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Xiphias Gladius

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Literal metaphors [Dec. 18th, 2013|02:05 pm]
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It just occurred to me that there are probably people in the world who have never actually BEEN in the woods with fresh-fallen snow, or even more, fresh-FALLING-snow around, and may not have experienced the peacefulness of snowy woods.

Some of those people may have read poems like Robert Frost's, or descriptions, of the quiet and peacefulness of snowy woods, or even the quiet of snowy city streets. And may have thought of it as a metaphor.

It's not, actually. Fresh-fallen snow is probably among the best forms of naturally-occurring acoustic baffling. And when it's ACTIVELY snowing as WELL as thick on the ground, you've got airborne baffling as well as baffling covering every potentially sound-reflecting surface. Everything actually, physically IS quieter.

And it's amazingly peaceful and relaxing.
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Comments:
[User Picture]From: bluepapercup
2013-12-18 07:49 pm (UTC)

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dayfal is experiencing living in a snowy climate for the first time ever, and is finding the experience of being out in a snowfall to be quite wondrous.
[User Picture]From: filkerdave
2013-12-18 07:55 pm (UTC)

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I often pity those who have either never had that experience or actively disdain it.
[User Picture]From: desperance
2013-12-18 08:02 pm (UTC)

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...until a wallop of snow falls off a branch (or a city roof), and knocks your glasses off.
[User Picture]From: xiphias
2013-12-18 09:15 pm (UTC)

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And then you lie there peacefully dazed in the snow, until you either find your glasses, or peacefully drift off into hypothermia. But definitely peacefully.
[User Picture]From: desperance
2013-12-18 09:30 pm (UTC)

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True that. I withdraw my caveat.
[User Picture]From: phantom_wolfboy
2013-12-18 09:31 pm (UTC)

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And it's amazingly peaceful and relaxing.

Unless, of course, you don't find quiet relaxing. I find it makes me anxious.
[User Picture]From: seventorches
2013-12-18 09:36 pm (UTC)

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Do you say that because quiet makes you anxious and therefore snowy quiet will probably make you anxious (without having experienced it), or have you actually found that in your experience snowy quiet still makes you anxious? If so does it make you more anxious than "normal" quiet?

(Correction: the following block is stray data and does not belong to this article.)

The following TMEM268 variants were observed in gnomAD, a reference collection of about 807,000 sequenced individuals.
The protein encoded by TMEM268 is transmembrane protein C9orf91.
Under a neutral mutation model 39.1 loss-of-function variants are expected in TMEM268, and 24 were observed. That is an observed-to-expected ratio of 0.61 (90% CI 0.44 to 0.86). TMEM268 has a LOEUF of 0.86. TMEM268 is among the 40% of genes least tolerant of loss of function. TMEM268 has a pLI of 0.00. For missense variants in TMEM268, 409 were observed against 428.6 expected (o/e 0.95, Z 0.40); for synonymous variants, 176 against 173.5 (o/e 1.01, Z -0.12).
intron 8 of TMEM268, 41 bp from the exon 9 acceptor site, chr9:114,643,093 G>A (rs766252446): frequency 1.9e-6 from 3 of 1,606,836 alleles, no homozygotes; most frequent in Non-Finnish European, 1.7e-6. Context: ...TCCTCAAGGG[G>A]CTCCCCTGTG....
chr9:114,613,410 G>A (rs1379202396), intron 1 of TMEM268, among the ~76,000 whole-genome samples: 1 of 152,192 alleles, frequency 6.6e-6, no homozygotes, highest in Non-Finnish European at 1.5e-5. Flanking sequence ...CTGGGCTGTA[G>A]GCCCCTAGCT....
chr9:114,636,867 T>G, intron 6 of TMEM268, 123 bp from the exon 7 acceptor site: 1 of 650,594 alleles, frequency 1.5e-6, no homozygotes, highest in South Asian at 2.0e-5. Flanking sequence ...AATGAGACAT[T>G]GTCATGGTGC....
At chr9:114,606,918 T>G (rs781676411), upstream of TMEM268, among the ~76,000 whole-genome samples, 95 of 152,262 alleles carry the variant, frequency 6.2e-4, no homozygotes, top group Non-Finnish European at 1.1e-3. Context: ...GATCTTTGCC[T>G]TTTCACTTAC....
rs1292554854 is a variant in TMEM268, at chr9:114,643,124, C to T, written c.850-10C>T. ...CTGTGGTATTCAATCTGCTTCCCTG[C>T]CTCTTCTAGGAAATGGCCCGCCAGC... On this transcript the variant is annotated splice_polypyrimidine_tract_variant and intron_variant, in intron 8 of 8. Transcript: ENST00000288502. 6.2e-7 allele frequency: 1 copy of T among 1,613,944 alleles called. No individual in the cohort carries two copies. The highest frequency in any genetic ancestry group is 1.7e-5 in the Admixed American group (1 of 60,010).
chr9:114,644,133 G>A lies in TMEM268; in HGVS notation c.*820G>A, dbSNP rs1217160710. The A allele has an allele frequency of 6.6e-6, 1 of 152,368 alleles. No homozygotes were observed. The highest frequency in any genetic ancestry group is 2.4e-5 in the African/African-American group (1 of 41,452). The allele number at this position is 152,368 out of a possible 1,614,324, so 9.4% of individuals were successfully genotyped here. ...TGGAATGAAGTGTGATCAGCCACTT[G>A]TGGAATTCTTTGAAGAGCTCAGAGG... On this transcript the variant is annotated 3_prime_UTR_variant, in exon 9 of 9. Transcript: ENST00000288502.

Just wondering because I never quite got it about the quiet of snowfall either until I lived in Boston, and I do find that it has a different quality.
[User Picture]From: xiphias
2013-12-19 01:44 am (UTC)

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It's a different KIND of quiet, though. Not saying that it WOULDN'T make you anxious, and I've sometimes found it even more eerie than normal quiet. But it's not an echoing quiet; it's not a quiet of emptiness, but rather a quiet of fullness.

Very different. Not NECESSARILY less creepy, depending on how you think of it.
[User Picture]From: seventorches
2013-12-18 09:38 pm (UTC)

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I did not know this--I have experience the deep quiet of snowfall, but I always assumed the unnatural quiet was an illusion fed by psychological priming from having read that poem!
[User Picture]From: plantmom
2013-12-19 01:01 am (UTC)

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Amazingly peaceful and relaxing, indeed. Also, around these parts, on certain days, when you walk on the snow, it squeaks like bits of styrofoam do when rubbed against each other.
[User Picture]From: tavella
2013-12-19 01:28 am (UTC)

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It's particularly striking in an inhabited area, because not only do you have the muffling effect, there are very few cars and other background activity sounds.
[User Picture]From: browngirl
2013-12-19 03:46 am (UTC)

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Thank you for reminding me of one of the [few] good parts of my boarding school years. :)
[User Picture]From: rymrytr
2013-12-19 04:18 am (UTC)

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As browngirl says, Thank you for the reminder.

I lived and worked on the Collvile Reservation in Eastern WA. (See a map of where the Spokane River enters the Columbia River - I was across the Columbia from there...). It was 90 miles to the nearest town. 30 miles from electricity. It's a wilderness area and the quiet is constant.

Then, in the winter, the quiet is muffled. There is a peace of mind that comes from that solitude. One could be with others when wanted and wonder off, in to the Pine forests when not.

The closet I come to that now, is when the power goes off in the winter and we get 2 or 3 days of fewer cars, airplanes and neighbors stereos. The only disturbance is the odd generator, chugging away. :o)



Edited at 2013-12-19 04:18 am (UTC)
[User Picture]From: shmuelisms
2014-01-02 04:57 pm (UTC)

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Robert Frost IS my absolute favorite poet. As a child I HAD spent four years in Boston (including being snowed in for a week in the headline making Blizzard of '77). I'm certain his imagery would be far less meaningful if I hadn't. One would probably need to spend an entire year or three in rural New-England to get the full impact, but thankfully a lot of it is very universal.